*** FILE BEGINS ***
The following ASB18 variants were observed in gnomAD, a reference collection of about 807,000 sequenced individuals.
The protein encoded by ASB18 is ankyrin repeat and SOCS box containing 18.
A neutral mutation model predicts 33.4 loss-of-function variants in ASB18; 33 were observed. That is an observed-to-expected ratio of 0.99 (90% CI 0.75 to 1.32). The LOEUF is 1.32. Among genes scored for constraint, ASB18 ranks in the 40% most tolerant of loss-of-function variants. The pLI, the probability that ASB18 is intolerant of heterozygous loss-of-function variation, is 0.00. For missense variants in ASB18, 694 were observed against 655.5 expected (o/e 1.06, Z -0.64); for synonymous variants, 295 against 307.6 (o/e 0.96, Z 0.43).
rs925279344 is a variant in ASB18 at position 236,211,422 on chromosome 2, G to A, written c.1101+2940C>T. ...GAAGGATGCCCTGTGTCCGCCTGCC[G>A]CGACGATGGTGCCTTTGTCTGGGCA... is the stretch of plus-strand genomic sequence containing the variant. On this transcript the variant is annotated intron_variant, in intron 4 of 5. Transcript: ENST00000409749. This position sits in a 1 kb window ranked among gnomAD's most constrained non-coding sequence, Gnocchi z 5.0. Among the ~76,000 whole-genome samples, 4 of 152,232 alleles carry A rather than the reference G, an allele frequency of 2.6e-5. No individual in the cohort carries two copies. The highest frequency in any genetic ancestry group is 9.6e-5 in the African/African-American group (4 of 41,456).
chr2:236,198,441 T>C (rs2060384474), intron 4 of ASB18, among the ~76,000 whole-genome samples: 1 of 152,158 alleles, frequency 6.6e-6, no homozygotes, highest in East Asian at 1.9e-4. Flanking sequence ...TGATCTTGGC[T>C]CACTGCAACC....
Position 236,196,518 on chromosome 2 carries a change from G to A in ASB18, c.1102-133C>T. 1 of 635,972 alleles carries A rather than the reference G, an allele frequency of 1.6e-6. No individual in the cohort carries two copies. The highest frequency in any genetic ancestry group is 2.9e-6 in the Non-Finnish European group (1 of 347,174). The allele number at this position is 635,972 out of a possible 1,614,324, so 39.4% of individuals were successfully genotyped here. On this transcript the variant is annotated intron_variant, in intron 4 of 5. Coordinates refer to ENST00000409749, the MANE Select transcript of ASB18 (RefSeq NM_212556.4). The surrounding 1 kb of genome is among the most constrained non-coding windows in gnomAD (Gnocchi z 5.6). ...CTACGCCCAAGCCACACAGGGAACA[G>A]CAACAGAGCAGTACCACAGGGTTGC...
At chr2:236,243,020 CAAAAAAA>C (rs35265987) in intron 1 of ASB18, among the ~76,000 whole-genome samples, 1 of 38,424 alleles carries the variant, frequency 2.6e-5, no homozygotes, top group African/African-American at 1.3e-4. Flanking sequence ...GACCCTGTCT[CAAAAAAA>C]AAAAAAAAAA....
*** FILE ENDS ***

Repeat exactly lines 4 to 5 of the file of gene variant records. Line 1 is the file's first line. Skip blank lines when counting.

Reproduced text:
rs925279344 is a variant in ASB18 at position 236,211,422 on chromosome 2, G to A, written c.1101+2940C>T. ...GAAGGATGCCCTGTGTCCGCCTGCC[G>A]CGACGATGGTGCCTTTGTCTGGGCA... is the stretch of plus-strand genomic sequence containing the variant. On this transcript the variant is annotated intron_variant, in intron 4 of 5. Transcript: ENST00000409749. This position sits in a 1 kb window ranked among gnomAD's most constrained non-coding sequence, Gnocchi z 5.0. Among the ~76,000 whole-genome samples, 4 of 152,232 alleles carry A rather than the reference G, an allele frequency of 2.6e-5. No individual in the cohort carries two copies. The highest frequency in any genetic ancestry group is 9.6e-5 in the African/African-American group (4 of 41,456).
chr2:236,198,441 T>C (rs2060384474), intron 4 of ASB18, among the ~76,000 whole-genome samples: 1 of 152,158 alleles, frequency 6.6e-6, no homozygotes, highest in East Asian at 1.9e-4. Flanking sequence ...TGATCTTGGC[T>C]CACTGCAACC....